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τὴν ψυχήν: though his bodily eye looks upwards.

κἂν ἐξ ὑπτίας κτλ.: ‘aye, even though the learner float face upwards on land or in the sea.’ I understand ἐξ ὑπτίας νεῖν ἐν γῇ as an allusion to Socrates in the κρεμάθρα: cf. Ap. 19 C ταῦτα γὰρ ἑωρᾶτε καὶ αὐτοὶ ἐν τῇ Ἀριστοφάνους κωμῳδίᾳ, Σωκράτη τινὰ ἐκεῖ περιφερόμενον, φάσκοντά τε ἀεροβατεῖν κτλ. and see Ar. Clouds 218—226. If we suppose that Socrates lay supine in his swinging κρεμάθρα, as presumably he did, since he was looking at the moon, then any one who had seen the Clouds would at once catch the allusion, especially after ἄνω κεχηνώς and the other references just above. For νεῖν of floating in the air, cf. ἀερονηχής Ar. Clouds 337, with Blaydes ad loc. and on Peace 831.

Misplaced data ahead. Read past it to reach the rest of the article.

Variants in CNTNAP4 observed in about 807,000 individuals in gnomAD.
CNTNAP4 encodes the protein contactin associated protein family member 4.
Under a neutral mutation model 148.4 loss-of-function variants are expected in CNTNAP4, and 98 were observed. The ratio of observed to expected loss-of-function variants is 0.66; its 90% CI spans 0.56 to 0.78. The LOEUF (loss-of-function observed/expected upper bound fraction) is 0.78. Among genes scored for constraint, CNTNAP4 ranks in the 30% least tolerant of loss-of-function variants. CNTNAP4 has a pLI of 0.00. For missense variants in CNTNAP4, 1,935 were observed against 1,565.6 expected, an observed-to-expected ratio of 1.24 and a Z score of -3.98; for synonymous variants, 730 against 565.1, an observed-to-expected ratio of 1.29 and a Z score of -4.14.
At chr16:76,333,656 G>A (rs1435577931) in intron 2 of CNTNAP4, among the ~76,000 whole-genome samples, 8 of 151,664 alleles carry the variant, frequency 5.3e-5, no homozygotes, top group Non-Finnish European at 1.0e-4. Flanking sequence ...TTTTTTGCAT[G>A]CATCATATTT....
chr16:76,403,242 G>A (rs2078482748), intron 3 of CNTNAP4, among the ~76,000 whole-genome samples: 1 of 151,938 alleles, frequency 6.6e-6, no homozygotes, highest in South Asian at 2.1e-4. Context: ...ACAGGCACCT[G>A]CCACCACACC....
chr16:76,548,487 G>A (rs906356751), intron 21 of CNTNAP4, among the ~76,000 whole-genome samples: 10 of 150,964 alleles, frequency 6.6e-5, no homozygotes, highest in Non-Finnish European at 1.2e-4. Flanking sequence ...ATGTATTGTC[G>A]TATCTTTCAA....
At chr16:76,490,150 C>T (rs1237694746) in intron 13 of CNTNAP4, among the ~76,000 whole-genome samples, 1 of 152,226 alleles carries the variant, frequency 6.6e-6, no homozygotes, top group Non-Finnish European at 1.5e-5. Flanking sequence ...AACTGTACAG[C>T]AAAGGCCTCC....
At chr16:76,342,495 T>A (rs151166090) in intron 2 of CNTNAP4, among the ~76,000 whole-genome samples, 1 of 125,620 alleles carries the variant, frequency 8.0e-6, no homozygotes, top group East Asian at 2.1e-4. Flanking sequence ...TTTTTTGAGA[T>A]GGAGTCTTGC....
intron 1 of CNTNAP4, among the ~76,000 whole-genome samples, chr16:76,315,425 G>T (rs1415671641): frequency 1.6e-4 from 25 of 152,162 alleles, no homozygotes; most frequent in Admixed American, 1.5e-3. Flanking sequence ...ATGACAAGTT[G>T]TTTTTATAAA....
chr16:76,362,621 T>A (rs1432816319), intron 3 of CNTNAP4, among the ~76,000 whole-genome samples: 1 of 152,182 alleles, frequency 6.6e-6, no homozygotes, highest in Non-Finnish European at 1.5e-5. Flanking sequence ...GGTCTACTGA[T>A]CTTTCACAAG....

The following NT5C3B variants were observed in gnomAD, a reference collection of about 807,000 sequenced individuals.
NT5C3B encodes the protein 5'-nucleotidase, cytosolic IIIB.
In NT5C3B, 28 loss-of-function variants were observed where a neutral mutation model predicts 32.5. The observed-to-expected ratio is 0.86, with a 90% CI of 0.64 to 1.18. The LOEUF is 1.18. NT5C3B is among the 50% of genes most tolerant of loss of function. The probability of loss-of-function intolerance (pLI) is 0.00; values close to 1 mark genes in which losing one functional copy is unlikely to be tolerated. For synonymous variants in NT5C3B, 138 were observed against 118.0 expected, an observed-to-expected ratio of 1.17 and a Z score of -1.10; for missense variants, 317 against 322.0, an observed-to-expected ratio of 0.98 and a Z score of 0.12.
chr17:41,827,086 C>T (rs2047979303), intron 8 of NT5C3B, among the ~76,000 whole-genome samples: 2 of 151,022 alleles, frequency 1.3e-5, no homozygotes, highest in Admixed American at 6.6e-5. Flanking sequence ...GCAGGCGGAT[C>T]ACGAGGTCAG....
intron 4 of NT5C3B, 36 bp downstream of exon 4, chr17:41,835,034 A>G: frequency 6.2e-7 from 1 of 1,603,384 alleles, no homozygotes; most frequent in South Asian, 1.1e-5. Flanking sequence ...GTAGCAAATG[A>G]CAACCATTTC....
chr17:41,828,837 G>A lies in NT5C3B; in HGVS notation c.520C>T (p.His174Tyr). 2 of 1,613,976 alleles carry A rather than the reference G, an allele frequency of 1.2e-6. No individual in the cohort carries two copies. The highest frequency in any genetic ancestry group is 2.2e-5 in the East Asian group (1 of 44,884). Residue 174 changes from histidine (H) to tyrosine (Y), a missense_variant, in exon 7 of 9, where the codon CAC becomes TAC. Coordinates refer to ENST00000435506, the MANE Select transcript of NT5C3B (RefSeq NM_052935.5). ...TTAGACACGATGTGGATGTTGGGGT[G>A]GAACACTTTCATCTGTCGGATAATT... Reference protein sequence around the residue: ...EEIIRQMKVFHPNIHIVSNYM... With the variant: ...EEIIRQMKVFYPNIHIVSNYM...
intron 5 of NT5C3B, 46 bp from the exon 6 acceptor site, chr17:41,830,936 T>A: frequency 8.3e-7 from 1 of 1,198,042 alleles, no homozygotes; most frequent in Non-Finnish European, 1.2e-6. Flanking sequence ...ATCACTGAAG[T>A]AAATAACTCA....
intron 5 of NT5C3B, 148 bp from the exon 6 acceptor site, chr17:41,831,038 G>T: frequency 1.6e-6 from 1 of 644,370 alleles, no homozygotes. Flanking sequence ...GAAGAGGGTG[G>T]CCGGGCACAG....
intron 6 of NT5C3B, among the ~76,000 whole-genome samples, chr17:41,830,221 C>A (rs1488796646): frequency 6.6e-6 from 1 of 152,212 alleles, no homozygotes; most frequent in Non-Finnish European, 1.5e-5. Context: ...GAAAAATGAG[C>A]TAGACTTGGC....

ἐν θαλάττῃ is thrown in by Plato with the same extravagant mockery as κάτω συμμεμυκώς. Float him on land, float him, if you like, in the sea; but though his body's eye looks upward, his soul looks down. On the text and other views of this passage see App. IX.